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The Forager’s Case for Wellbeing

Foraging and Cooking Weeds - A Perfect Time to talk

Rosa rugosa: Use the Petals to make Candy Pink Diluting Juice or Pot Pourri

Many adults work to a tight schedule most of the time, but children have weekend and after school routines too. As parents we need to take advantage of moments  with our children, just to talk.This might be in the car, at the supper table, or on a walk in the countryside. Just a few minutes can make a big difference to improving parent-child communication.

My father was sent to boarding school at a very young age. The thought of a small boy missing his mother was not on the agenda and as for even a murmur of paternal need, this was as alien as a teenage boy using face cream. Although fair skinned, my summer memories of my father are of sunburnt arms, not lashings of coconut scented oil. This was an era when sun tan lotions belonged in the female domain and the British Public School had a tradition of Fagging.  Fagging instilled discipline by making younger school boys the servants of senior pupils. At this time, schools imposed physical punishment for even the most minor of misdemeanours. My father’s memories of his time at school focused on cold baths and punishment runs. In those times, a public school was not a place to express emotion. Flashman, the bully in Thomas Hughes’ Tom Brown’s Schooldays may still exist, but today, a bully can be tackled on or off the playing field. Huzzah. Twenty years ago this was not the case. 

I am the mother of five boys.They know that it’s okay to have black days, to wear face cream if your skin is dry, and that it’s good to talk. My boys were certainly more boisterous than my daughter but play fights can lead to physical bullying. A bruise may hurt but the wound is visible. However, emotional bullying is insidious and often goes unnoticed by an adult. It is subtle and involves indirect attack. Once considered to be a female domain it’s important to remember that boys can ostracise too. Mean comment is not gender restricted. It encompasses, race, religion, body size and image, disability and sexual orientation.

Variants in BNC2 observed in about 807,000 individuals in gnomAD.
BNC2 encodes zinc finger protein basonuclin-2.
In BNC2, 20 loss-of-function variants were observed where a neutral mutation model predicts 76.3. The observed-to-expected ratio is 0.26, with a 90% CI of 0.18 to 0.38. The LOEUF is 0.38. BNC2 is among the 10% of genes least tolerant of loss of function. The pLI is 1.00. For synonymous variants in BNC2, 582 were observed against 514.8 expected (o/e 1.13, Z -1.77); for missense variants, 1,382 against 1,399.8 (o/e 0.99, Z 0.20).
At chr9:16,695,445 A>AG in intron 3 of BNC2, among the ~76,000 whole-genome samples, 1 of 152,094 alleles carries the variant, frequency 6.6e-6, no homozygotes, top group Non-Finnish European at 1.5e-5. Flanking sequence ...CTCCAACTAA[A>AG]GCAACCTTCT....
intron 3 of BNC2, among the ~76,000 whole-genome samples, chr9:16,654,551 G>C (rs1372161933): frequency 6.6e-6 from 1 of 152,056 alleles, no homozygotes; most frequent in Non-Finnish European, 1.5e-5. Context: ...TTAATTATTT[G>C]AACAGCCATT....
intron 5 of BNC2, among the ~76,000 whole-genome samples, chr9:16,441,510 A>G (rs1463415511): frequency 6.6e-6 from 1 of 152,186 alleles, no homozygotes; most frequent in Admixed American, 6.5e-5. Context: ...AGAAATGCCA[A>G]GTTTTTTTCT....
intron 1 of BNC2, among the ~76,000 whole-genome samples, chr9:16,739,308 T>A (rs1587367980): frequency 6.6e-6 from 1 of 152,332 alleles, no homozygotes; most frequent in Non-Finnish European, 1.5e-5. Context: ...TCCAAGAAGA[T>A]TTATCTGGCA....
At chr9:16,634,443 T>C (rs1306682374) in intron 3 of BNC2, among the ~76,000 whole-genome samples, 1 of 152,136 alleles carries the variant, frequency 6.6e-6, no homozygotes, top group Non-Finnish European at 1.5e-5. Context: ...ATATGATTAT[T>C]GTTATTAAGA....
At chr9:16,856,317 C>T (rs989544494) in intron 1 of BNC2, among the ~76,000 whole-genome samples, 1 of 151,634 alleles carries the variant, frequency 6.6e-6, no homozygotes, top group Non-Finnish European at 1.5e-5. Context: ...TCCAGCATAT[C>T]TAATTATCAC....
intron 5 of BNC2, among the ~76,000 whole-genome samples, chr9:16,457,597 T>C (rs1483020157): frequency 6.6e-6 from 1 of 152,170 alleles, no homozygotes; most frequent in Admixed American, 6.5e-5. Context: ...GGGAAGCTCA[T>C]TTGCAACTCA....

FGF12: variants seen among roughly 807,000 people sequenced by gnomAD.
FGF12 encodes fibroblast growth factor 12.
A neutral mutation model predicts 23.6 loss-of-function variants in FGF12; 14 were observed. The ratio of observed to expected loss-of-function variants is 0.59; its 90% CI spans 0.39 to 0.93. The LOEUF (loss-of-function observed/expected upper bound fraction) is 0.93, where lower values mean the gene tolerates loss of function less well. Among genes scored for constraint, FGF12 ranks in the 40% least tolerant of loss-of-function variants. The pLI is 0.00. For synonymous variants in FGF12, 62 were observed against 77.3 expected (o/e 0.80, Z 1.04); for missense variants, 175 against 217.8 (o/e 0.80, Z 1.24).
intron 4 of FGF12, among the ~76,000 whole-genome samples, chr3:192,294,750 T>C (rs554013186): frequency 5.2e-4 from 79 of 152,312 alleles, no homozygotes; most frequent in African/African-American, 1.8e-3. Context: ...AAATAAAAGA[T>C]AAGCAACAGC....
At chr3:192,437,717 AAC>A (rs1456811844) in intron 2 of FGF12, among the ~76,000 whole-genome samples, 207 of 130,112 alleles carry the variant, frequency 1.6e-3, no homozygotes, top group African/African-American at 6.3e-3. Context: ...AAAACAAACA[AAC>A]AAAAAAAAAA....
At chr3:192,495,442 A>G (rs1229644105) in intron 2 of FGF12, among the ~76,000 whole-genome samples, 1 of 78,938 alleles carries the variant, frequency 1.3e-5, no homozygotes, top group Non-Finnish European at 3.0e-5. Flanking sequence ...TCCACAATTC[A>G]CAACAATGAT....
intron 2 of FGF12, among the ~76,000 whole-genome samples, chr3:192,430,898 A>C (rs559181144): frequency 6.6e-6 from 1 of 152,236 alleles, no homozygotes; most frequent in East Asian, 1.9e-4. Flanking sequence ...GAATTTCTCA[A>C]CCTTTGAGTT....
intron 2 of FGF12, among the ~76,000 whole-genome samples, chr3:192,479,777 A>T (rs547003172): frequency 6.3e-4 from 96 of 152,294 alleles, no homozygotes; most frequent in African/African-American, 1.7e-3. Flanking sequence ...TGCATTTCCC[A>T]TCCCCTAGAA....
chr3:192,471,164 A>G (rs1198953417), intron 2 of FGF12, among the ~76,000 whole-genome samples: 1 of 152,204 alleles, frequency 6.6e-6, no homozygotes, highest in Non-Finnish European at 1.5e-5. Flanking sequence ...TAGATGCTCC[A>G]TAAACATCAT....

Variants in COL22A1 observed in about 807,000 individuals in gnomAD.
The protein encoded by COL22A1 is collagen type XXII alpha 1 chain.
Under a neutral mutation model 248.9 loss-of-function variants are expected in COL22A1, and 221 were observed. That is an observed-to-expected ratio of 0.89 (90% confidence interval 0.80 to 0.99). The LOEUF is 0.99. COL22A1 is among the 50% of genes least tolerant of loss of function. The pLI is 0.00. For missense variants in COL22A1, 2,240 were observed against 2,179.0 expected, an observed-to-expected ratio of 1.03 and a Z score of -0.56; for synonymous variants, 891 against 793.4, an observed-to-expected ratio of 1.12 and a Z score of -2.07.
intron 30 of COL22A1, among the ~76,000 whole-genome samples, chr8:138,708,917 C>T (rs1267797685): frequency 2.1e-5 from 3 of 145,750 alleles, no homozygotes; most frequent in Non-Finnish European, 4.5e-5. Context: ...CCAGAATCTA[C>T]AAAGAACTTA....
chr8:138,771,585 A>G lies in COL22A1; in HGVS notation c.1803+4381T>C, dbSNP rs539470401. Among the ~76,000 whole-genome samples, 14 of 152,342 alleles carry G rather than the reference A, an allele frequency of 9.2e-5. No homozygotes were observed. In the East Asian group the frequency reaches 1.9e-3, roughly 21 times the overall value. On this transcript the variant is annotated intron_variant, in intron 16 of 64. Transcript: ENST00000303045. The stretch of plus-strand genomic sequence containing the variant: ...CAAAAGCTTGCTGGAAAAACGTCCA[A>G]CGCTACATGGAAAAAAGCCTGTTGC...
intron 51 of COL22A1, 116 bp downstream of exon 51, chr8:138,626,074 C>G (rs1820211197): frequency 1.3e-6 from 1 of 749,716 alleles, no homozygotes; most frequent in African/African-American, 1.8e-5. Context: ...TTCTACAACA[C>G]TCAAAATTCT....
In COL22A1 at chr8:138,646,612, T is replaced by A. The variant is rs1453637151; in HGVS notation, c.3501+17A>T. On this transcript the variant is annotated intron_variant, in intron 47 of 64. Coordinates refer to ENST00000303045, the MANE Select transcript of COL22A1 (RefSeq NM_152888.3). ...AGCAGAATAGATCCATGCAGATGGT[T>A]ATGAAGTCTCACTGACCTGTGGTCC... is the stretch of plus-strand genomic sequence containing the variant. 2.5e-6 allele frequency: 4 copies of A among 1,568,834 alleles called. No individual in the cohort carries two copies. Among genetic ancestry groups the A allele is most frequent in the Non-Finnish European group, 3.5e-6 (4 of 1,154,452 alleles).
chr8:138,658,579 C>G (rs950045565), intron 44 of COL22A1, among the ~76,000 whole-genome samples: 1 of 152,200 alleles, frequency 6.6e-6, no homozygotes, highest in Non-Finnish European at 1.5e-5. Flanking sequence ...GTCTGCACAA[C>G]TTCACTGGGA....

I first heard the word banter from my eldest son in the late 1990s. It was considered a positive attribute, a person had good banter or excellent chat. It is still seen as an admirable trait. Or is it? Banter is associated with those who are quick witted, yes, but sharpness can strike deep; it can go beyond gentle teasing. Banter can be shrugged off when the chat is light hearted, but it must not be allowed to shroud a bully.

 Cyberbullying is a relatively new phenomenon and is far from straight forward. Technology provides anonymity, a screen which allows protected confidence for the bully. Detached from face to face contact, the bully is at liberty to spout hurt in message form, often from the protection of home. The cyber-bully can strike at any time. Then there is FOMO (Fear Of Missing Out), for the young of today to get their heads around. A teenager will rarely turn off phone notifications never mind turning a smart phones off.  A Social Media post rarely promotes a bad day. Meanwhile, the uninvited have the jollity of the partygoers thrust upon a screen, day and night. A parent can impose a mobile or laptop curfew, but if this doesn’t happen, the opportunities for cyberbullying can be 24/7. Sadly, the bullied often take revenge on those who are weaker than themselves, and so the circle of bullying is perpetuated.